Introducing Project Orca - Part 3

January 18, 2019

In Introducing Project Orca - Part 1 I wrote about when to use a static website and provided a short overview of what a Metalsmith static site generator is. In Introducing Project Orca - Part 2 I described how Metalsmith works.

In this blogpost I will briefly introduce the templating engine that was used in Project ORCA

I wanted to use a templating engine that is Javascript based and supports a Twig like syntax and found Nunjucks. Both engines have a common ancestor, Jinja, which was modeled after Django’s templates. (Django is a high-level Python Web framework). Nunjucks is maintained by Mozilla.

Nunjucks is a token based templating system with support for variables, loops and conditionals, in addition it also supports advanced page composition with block inheritance, includes, layout inheritance, custom tags and macros. The Nunjucks docs can be found here.

Here is an example of a Nunjucks template:



<!doctype html>
<html lang="en" itemscope="" itemtype="”http://schema.org/Article”">
    <head>
        {% include "head.html" %}
    </head>

    <body id="onTop" class="{{ body_classes }} isLoading">
        {% include "browser-upgrade.html" %}

        <div class="container">
            <div class="has-columns cf">
                <section class="main">
                    {% if title %}
                        <h1 class="page-title">{{ title }}</h1>
                    {% endif %}
				<ul class="blog-list-vertical list-unstyled">
                    {% for blogpost in pagination.files %}            
                        <li class="cf">
                            <a href="/{{ blogpost.path | makePermalink }}">
                                <div class="blog-list-vertical__img" style="background-image: url({{ blogpost.tn }})"></div>
                            </a>
                            <div class="blog-info">
                                <a href="/{{ blogpost.path | makePermalink }}"><h2>{{ blogpost.title }}</h2></a>
                                <p>
                                    by {% for index, author in blogpost.blogAuthors %}{{ author.title }}{% if not loop.last %}, {% endif %}{% endfor %}
                                    <br>on {{ blogpost.date | dateFilter("MMMM D, YYYY") }}
                                </p>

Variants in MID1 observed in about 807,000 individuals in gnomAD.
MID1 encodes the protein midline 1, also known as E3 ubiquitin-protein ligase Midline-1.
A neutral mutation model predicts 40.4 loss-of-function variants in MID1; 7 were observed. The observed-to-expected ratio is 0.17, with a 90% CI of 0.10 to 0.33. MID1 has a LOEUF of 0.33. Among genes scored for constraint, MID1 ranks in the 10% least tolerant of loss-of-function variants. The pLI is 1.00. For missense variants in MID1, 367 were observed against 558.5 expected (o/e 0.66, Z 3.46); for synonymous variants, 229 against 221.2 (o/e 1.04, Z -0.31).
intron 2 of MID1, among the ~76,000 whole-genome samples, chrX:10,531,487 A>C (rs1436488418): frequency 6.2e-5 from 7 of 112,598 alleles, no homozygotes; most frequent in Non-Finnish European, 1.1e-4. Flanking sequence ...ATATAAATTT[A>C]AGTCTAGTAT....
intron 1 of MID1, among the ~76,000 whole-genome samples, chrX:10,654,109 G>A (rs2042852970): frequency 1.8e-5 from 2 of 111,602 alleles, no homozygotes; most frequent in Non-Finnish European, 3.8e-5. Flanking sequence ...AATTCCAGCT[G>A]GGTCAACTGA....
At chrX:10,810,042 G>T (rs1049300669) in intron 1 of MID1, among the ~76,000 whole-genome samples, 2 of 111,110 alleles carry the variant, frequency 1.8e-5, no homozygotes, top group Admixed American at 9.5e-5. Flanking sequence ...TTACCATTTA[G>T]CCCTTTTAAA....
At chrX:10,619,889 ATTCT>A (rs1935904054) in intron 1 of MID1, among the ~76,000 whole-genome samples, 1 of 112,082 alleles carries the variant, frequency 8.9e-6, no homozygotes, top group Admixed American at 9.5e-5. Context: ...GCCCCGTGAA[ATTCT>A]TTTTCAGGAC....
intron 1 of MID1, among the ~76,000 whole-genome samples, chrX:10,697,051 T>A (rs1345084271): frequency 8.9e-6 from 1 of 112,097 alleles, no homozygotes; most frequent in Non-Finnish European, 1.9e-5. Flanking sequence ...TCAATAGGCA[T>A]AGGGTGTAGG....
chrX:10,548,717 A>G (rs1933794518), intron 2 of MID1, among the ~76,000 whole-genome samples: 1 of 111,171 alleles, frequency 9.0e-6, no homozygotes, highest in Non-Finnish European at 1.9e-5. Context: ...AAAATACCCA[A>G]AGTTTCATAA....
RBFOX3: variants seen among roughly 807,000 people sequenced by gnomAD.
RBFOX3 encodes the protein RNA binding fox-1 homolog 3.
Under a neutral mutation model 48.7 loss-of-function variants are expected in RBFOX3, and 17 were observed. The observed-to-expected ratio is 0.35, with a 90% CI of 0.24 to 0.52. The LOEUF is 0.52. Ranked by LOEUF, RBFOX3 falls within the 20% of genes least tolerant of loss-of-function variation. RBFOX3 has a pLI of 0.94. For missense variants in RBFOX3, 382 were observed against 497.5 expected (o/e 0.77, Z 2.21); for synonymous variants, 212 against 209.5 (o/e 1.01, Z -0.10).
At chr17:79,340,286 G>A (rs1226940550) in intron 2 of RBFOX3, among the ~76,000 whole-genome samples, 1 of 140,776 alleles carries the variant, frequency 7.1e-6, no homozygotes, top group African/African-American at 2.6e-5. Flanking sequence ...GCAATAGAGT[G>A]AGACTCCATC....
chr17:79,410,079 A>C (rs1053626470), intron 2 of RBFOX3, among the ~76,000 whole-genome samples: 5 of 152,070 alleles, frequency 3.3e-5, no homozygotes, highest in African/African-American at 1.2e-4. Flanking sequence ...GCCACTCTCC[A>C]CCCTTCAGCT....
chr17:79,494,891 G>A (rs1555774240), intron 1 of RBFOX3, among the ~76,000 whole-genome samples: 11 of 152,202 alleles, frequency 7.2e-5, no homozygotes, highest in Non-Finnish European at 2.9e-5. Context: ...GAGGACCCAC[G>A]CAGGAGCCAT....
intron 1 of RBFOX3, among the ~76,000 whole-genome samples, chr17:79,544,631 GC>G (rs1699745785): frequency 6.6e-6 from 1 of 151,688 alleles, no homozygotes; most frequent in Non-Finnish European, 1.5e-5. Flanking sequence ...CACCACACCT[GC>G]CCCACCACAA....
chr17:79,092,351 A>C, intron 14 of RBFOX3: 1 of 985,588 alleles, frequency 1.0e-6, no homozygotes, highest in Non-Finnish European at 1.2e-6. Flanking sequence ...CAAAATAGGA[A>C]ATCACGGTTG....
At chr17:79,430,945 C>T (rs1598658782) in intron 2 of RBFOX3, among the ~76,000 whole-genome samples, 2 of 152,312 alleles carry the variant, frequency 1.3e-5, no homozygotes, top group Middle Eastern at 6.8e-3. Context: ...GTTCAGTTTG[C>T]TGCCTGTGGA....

</div>
                        </li>       
                    {% endfor %}
                    </ul>

                    {% include "pager.html" %}

                </section>
                <aside class="sidebar">
                    <h3>Blog Categories:</h3>
                    {% include "categories-list.html" %}

                    <h3>Tags</h3>
                    {% include "tags-list.html" %}

                    <h3>Featured Posts</h3>
                    <ul class="blog-list-overview">
                        {% for featuredBlogPost in featuredBlogPosts %}
                        <li>
                            <ul class="list-unstyled">
                            <li class="blog-post-title"><a href="/{{ featuredBlogPost.path }}/">{{ featuredBlogPost.title }}</a></li>
                            <li><a class="read-more-link" href="/{{ featuredBlogPost.path }}/">Read it <span>»</span></a></li>
                            </ul>
                        </li>
                        {% endfor %}
                    </ul>
                </aside>
            </div>
        </div>

    {% block footer %}
        {% include "footer.html" %}
    {% endblock %}

    <a id="toTopButton" href="#onTop"><i class="icon icon-arrow-up"></i></a>
    
    {% block body_scripts %}
        {% include "scripts.html" %}
    {% endblock %}

  </body>
</html>

This example uses various features of Nunjucks and many act very similar to their Javascript cousins./p>

Variables

This example shows a variable body_classes being added to a static class isLoading.



<body id="onTop" class="{{ body_classes }} isLoading"> ... </body>

include

include imports other templates in place. This allows the use of common page elements. For example:



<head>
    {% include "head.html" %}
</head>

if

if allows conditional rendering like the example below:



{% if title %}
    <h1 class="page-title">{{ title }}</h1>
{% endif %}

for

for allows us to iterate over arrays and objects. In the example below I create all list items by iterating over an object called featuredBlogPosts.



<ul class="blog-list-overview">
    {% for featuredBlogPost in featuredBlogPosts %}
    <li>
        <ul class="list-unstyled">
        <li class="blog-post-title"><a href="/{{ featuredBlogPost.path }}/">{{ featuredBlogPost.title }}</a></li>
        <li><a class="read-more-link" href="/{{ featuredBlogPost.path }}/">Read it <span>»</span></a></li>
        </ul>
    </li>
    {% endfor %}
</ul>

Filters

From the Nunjucks Docs: "Filters are essentially functions that can be applied to variables. They are called with a pipe operator (|) and can take arguments.". In the example below the path to a blogpost is transformed into a permalink with the filter function makePermalink



<a href="/{{ blogpost.path | makePermalink }}"><h2>{{ blogpost.title }}</h2></a>

Template Inheritance

Again from the Nunjucks docs: "Template inheritance is a way to make it easy to reuse templates. When writing a template, you can define "blocks" that child templates can override.". In this example I define a block footer and then include footer.html. Any template that extends this template can now add to or replace the content of this block.



{% block footer %}
    {% include "footer.html" %}
{% endblock %}

The full Nunjucks docs can be found here. I'd also recommend reading Building A Static Site With Components Using Nunjucks by Chris Coyier on the Smashing Magazine website for his take on how to use Nunjucks.